Twittering about buzzwords is no substitute for thorough and careful design ... started and completed before (yes... before!) any(!) coding work is begun.

      The people who insist that what I just said is “pure garbage” have a name for themselves – it's called “extreme programming,” and it boils down to “you're brilliant as long as you deliver ‘no, no, that's not it either’ once a week.”

      You can attach a label to anything. You can write a book, which Tim O'Reilly will happily publish at least for a while, but excessive studying of individual parts does not illustrate how the entire project must fit, and be fitted, together during the all-important pre-construction process.

        Figure out what you intend to do, in all respects, before you attempt to write any code.

        You're a man of the old school. Waterfall et al. maybe.

        Been there and done that. And, for at least 2 in 5 of the projects I was involved in where this methodology was used: requirements were gathered; a design specification raised and reviewed; test plan drawn up; and an implementation plan put in place. Before the ink was dry, the project was cancelled because someone had beaten us to the market or customer.

        Customers rarely know what they really want until they see it. Market places evolve faster now than ever before. Requirements change over time. But mostly, it is very rare, unless you are designing your 100 th XYZ, that anyone can sit down a write a specification based solely upon what they already know.

        Whilst it is very rare that a radically new algorithm (for anything) is invented, small evolutions happen all the time. And once you start combining several general purpose algorithms, with domain specific knowledge, the scope for innovations grows exponentially. Predefining everything becomes a good way to stifle such innovations, and is a death knell in emerging markets and growth areas.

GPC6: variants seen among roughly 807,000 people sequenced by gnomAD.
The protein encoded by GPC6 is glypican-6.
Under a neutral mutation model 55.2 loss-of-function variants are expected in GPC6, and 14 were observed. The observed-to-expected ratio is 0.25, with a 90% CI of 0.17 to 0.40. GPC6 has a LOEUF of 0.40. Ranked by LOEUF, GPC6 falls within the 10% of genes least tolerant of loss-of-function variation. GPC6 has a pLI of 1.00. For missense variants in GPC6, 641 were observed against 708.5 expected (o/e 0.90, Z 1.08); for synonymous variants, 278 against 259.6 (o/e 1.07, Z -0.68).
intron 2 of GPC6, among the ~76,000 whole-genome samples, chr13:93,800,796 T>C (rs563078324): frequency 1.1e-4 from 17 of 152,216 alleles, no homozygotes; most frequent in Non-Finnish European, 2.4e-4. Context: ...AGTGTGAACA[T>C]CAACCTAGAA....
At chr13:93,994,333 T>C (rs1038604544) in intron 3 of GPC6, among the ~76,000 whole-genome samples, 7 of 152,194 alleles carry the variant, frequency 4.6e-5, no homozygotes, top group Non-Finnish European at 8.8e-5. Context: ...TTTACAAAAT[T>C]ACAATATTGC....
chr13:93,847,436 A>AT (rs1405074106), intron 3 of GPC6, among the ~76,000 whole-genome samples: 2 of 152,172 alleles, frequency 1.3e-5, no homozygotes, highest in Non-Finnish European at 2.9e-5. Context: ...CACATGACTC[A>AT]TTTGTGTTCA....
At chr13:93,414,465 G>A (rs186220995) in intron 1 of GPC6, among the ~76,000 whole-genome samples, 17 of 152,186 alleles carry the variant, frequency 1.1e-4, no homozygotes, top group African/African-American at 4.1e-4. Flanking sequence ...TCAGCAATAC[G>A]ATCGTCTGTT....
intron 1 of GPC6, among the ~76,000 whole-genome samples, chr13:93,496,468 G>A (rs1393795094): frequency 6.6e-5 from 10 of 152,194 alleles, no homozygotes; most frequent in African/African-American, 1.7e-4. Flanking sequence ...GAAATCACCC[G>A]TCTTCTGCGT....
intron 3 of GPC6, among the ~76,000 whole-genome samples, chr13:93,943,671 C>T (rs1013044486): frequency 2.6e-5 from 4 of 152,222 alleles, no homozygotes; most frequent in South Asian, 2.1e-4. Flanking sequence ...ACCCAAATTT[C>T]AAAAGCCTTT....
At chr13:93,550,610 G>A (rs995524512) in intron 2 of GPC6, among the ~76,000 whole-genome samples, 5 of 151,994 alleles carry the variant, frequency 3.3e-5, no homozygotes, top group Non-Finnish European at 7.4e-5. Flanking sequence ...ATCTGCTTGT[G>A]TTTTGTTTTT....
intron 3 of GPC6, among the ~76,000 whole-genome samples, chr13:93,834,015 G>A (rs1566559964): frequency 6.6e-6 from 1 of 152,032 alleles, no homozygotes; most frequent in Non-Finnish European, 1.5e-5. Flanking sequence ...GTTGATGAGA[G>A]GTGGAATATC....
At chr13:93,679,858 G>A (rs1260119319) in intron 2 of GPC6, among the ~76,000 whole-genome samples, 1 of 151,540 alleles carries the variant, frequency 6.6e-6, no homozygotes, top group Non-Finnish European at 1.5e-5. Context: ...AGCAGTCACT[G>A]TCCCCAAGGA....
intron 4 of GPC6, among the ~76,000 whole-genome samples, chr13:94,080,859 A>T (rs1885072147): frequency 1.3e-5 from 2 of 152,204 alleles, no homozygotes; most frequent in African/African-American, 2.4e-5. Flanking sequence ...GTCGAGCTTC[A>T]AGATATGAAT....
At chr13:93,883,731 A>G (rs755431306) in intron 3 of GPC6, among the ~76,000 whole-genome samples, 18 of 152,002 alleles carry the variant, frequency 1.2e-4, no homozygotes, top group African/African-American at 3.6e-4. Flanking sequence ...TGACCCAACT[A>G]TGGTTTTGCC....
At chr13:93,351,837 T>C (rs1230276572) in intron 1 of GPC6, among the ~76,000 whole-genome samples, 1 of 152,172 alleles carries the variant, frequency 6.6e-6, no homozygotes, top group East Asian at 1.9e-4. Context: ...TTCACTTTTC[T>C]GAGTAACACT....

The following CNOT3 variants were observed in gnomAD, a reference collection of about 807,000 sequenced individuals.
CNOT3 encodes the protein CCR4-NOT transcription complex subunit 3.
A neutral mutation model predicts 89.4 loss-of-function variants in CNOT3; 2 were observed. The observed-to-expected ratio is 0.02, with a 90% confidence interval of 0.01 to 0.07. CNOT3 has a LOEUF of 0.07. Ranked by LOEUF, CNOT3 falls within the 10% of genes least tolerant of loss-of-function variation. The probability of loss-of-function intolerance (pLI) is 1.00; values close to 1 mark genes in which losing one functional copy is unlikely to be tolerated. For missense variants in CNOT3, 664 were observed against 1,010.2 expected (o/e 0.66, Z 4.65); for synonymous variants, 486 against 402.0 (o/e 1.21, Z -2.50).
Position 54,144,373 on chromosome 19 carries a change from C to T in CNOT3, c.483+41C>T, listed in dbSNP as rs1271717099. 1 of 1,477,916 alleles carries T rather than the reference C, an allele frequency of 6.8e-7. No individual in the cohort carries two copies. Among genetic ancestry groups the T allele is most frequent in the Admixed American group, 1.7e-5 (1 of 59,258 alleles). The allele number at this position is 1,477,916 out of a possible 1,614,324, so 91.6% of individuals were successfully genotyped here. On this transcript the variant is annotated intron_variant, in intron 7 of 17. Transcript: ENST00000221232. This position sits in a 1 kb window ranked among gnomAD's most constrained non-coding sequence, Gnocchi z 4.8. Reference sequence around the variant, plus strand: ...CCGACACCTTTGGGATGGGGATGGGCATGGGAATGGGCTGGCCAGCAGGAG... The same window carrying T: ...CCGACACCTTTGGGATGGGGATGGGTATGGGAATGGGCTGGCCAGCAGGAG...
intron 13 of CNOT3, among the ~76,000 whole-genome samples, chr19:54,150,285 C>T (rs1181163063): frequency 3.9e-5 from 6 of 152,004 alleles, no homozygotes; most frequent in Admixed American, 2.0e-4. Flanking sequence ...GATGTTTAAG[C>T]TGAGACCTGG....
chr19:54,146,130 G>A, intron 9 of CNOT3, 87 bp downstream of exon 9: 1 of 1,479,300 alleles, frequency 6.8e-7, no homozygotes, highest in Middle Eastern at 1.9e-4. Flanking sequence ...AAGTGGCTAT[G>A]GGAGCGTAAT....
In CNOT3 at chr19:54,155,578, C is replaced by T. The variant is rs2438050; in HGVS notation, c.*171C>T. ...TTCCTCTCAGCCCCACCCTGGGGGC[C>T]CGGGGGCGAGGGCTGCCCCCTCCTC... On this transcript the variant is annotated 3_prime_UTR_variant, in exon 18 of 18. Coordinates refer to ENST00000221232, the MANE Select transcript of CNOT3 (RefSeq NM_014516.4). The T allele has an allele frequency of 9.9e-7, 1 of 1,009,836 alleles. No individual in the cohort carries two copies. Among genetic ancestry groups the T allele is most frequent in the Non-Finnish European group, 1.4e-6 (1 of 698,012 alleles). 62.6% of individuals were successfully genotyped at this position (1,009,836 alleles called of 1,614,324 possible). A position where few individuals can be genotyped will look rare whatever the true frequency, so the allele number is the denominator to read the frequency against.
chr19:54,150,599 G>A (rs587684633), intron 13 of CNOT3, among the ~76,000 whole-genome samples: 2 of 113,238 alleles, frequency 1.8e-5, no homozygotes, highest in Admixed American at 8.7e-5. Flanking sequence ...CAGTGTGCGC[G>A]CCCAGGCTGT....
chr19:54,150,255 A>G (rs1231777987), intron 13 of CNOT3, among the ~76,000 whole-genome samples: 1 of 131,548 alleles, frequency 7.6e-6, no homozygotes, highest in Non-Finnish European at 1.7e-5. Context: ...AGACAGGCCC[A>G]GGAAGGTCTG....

Flexibility is the key. And that requires starting projects with some level of unknowns, and living with them. Prototyping as you go. Active and willing incorporation of changes to requirements on the fly is no longer taboo, nor even a nice to have, but one of the requirements of most every new software project.

        Whether it is the ability to send updates to remote rovers on Mars; adapt to the overwhelming demand for openness on the iPhone; or competing with the ever-evolving feature-itis of your competitors search engine or community web site. Passive, fixed in stone development cycles are a thing of the past. And on a personal note: Good riddance.

        Examine what is said, not who speaks -- Silence betokens consent -- Love the truth but pardon error.
        "Science is about questioning the status quo. Questioning authority".
        In the absence of evidence, opinion is indistinguishable from prejudice.